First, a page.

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Is there a way to move a saved login/password for TortoiseSVN to a network repository from machine to machine? Just got a new machine, know my username but don't recall my login to the repository.

I know TortoiseSVN saves some auth info on the directories at %appdata%\Subversion\auth

Moved over the file I found at svn.simple; I see my user name in it in clear text but the password is encrypted. I also see "wincrypt" in the file so that's the crypto functionality invoked.

Ordinarily I'd just have the SVN admin reset it for me but he is out on vacation until next week as is the other admin for SVN.

I can dive into the source for TortoiseSVN and see how authentication is being accomplished but there's got to be an easier way. I can run Wireshark on the successful authentication from the old machines if that would be useful.

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I think the authentication is encrypted using the user's Windows login credentials, which makes what you want impossible. –  Pekka 웃 Sep 15 '10 at 18:24
There are ways to decrypt authentication if you know which encryption method is used and where to find the keys; for example, there is a tool for decrypting with the Windows Data Protection API (dpapick.com) –  dr3x Sep 16 '10 at 0:52

5 Answers 5

See this answer: Extract TortoiseSVN saved password.

If you still have access to the old machine and Windows user account, then you can extract the passwords using the 3rd party "TortoiseSVN Password Decrypter" utility.

Wireshark is another good alternative but I don't believe it will help you for SSL repositories.

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up vote 2 down vote accepted

Solved! Turns out it was pretty simple to resolve.

Wireshark was the answer. Did a capture of the communication between my old machine and the repository host, launched the repo browser from TortoiseSVN. Then I ran "Follow TCP Stream" on the conversation, and found this line:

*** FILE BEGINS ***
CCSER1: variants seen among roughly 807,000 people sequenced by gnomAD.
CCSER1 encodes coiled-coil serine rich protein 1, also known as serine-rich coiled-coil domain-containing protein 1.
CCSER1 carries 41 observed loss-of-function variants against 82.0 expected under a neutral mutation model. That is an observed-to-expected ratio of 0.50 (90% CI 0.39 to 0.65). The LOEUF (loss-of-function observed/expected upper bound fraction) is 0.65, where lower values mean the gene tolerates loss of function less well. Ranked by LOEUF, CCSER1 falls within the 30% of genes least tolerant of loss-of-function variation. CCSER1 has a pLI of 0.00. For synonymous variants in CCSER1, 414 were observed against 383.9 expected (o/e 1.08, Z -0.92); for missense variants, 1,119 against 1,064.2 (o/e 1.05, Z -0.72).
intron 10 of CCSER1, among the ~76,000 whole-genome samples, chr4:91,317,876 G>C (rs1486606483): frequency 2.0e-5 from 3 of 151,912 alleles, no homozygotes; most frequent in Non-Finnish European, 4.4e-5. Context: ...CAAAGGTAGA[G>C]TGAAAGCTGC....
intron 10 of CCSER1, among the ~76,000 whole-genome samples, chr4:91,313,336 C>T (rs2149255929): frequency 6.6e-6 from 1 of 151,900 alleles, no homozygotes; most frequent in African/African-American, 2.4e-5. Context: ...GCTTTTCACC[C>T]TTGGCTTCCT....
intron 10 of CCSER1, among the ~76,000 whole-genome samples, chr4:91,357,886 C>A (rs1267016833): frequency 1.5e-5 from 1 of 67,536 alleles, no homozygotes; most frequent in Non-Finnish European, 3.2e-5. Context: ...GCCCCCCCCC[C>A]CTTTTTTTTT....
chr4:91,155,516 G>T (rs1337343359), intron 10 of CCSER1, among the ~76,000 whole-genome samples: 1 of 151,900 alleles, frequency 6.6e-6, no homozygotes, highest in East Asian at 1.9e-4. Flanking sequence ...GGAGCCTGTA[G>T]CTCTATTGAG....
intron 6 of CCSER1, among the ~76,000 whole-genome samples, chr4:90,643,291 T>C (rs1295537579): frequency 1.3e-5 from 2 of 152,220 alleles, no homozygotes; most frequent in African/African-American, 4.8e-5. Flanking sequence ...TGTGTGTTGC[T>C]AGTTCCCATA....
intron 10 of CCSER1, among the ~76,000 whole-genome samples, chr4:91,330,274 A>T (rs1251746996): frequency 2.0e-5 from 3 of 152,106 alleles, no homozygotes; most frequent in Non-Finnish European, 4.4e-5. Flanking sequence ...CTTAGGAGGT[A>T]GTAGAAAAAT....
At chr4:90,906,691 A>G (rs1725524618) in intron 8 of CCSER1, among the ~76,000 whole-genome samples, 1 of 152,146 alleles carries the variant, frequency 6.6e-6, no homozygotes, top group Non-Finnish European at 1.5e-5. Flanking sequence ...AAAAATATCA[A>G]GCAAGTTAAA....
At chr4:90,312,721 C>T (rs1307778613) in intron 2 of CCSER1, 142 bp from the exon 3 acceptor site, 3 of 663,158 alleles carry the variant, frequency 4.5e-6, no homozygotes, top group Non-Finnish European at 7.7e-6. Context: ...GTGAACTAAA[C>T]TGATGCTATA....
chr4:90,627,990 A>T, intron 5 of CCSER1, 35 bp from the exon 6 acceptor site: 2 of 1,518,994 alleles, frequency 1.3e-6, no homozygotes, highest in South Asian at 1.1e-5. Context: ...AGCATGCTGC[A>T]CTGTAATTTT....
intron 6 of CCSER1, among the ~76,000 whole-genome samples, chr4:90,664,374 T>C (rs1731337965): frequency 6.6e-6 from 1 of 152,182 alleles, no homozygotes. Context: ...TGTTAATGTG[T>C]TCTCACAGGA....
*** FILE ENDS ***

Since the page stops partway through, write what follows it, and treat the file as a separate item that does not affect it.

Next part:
Authorization: Basic ZHIzeDppc0F3ZXNvbWU=

Here's the Powershell script to decode it:
$basic = "ZHIzeDppc0F3ZXNvbWU="

Returns plain text: uname:pwd

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Wow! Thanks a lot; that just did the trick. –  koenig Dec 28 '10 at 9:38

According to the help file, TortoiseSVN stores credentials in sub-folders of %appdata%\Subversion\auth:

  • svn.simple contains credentials for basic authentication (username/password).
  • svn.ssl.server contains SSL server certificates.
  • svn.username contains credentials for username-only authentication (no password needed).

I guess you could just try and copy these folders the other machine.

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Yes I tried that already and it didn't work. Also copied over the registry keys from 3 locations (2 HKCU + 1 HKLM); the whole %programfiles%\TortoiseSVN folder and the 2 %appdata% folders (Subversion and TortoiseSVN). Still prompting for a password. –  dr3x Sep 15 '10 at 19:03

The credentials are encrypted with the windows encryption APIs, using the data from the logged on user. This means the encryption is based on your Windows logon account, and therefore can't be copied to another machine, even if you set up a user with the same username and password there.

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Do you know what information is used to encrypt the credentials? DPAPICK didn't work using the master keys from the old machine; may be another encryption method. –  dr3x Sep 16 '10 at 17:04
CryptProtectData(), see the svn source: svn.apache.org/repos/asf/subversion/trunk/subversion/… –  Stefan Sep 17 '10 at 5:56

I would think you would want this not to be possible since it would mean anyone could copy over some files and be able to make changes using your SVN account. Perhaps it is best that this isn't possible and that things are more secure.

Instead, you should develop a better policy internally about password management so that you don't depend on certain people being around for this kind of thing (i.e. the bus factor).

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